MMM, we don't know for sure if it is a real mental health issue, or if it is some tension at work (maybe it's the first, caused by the second), so we're trying to be fair, but also balance needs of the children!
Dcs are in state sector. When a year 6 teacher suddenly was unable to work due to ill health, the SENCO/assistant head stepped in for a term. Supply tends not to be used except as last resort in year 6. Parents were delighted because he is an excellent teacher and because despite the initial disruption, there was good communication with parents and an attempt to minimise disruption.
We were fortunate to have a non-teaching assistant head who could step in and pass some of his SENCO responsibilities onto the head teacher and other SLT.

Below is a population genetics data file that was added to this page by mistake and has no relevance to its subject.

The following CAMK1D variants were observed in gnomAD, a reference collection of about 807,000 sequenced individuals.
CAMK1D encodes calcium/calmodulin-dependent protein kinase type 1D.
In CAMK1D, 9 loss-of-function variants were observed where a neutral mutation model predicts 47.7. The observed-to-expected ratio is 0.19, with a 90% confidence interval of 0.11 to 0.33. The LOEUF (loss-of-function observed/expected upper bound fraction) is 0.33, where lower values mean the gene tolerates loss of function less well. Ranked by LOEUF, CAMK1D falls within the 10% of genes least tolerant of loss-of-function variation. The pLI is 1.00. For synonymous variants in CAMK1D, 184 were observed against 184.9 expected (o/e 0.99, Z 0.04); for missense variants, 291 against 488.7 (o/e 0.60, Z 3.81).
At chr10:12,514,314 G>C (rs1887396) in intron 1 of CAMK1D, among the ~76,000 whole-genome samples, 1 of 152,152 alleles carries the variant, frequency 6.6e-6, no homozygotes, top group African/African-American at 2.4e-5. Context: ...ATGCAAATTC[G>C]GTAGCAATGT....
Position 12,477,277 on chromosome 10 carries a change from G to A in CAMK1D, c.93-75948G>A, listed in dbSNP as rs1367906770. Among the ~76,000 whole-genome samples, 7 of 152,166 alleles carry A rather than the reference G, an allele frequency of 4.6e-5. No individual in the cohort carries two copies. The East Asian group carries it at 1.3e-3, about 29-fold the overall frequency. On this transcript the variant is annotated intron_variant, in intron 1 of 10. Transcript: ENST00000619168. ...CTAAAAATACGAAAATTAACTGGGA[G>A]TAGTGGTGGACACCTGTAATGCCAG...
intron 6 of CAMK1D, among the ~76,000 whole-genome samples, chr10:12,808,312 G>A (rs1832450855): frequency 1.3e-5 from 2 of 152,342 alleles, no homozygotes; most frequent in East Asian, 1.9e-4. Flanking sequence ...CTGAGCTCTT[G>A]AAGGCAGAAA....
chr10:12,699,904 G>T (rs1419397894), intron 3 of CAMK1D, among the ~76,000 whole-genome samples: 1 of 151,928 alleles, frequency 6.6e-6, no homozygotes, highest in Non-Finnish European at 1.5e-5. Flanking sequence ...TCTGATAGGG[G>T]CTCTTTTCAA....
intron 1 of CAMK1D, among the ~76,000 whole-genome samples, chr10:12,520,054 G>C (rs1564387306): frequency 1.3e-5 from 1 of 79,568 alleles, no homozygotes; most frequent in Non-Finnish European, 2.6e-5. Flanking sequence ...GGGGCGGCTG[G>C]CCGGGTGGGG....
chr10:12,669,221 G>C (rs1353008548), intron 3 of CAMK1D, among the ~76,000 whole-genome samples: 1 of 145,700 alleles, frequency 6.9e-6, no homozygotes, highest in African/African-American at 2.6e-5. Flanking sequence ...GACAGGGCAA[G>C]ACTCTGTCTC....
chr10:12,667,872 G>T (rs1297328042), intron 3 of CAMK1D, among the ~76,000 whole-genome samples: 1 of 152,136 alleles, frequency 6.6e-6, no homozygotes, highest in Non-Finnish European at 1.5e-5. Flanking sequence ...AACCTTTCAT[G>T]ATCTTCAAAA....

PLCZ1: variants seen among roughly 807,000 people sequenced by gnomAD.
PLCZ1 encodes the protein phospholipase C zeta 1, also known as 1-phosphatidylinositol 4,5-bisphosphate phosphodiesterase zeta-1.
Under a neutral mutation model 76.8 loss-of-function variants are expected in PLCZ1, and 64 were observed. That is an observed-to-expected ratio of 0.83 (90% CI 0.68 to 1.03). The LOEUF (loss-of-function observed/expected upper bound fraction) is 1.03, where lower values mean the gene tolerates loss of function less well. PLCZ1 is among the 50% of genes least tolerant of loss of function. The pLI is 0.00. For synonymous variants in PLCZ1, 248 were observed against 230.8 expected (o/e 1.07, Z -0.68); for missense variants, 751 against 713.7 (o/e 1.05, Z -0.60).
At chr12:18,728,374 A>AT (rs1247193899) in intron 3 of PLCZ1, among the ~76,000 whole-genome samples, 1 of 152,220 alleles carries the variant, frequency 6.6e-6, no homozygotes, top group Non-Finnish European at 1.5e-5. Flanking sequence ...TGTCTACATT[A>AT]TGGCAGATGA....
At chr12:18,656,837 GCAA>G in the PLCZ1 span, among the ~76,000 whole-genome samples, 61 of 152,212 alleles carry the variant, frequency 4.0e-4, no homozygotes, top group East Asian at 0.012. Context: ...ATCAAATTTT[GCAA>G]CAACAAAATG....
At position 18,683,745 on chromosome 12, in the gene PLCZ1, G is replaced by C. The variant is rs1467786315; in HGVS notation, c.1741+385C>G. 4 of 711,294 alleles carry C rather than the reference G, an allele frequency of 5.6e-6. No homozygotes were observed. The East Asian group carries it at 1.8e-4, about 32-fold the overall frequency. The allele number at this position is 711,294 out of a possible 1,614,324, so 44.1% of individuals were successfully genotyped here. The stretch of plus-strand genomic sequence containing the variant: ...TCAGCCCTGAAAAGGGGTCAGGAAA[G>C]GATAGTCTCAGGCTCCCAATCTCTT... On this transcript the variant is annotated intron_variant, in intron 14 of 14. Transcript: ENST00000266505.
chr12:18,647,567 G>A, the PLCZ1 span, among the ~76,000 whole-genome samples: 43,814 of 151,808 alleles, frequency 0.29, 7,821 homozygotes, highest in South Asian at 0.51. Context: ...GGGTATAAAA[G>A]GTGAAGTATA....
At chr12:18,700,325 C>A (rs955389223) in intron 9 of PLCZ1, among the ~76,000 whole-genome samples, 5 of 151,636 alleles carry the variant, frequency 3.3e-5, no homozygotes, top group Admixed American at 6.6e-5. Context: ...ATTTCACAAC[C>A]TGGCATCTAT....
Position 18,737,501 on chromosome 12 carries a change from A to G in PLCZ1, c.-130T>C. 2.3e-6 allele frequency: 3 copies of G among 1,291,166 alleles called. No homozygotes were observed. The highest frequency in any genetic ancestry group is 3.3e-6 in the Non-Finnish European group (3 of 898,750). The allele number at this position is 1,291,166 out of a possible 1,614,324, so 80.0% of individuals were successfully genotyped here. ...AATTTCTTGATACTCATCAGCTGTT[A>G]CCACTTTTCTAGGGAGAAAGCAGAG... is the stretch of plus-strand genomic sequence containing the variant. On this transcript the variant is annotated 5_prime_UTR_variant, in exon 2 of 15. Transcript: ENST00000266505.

You don't need to know if it's a 'real mental health issue' - her doctor is the one that signs her off and its confidential.
Speculating about that is awful too.
You follow the sick policy as a school and that's that.
Peoples sick reasons are confidential and really people shouldn't be gossiping.
It would really be best not to speculate on her illness. It's not actually relevant to you as parents and is between her and the head. What is relevant is how the school leadership deal with your children and the teaching of them.
It doesn't sound on the face if it to be being dealt with very well. It's good that you have one supply rather than a string of them. I wouldn't be happy with the unqualified status of the teacher. Despite having limited experience he/she might be excellent. Some of dc's favourite and best teachers have been NQT. With emphasis on qualified.
Agree with lauriefairycake. Honestly - gossiping about nature of illness is really not on.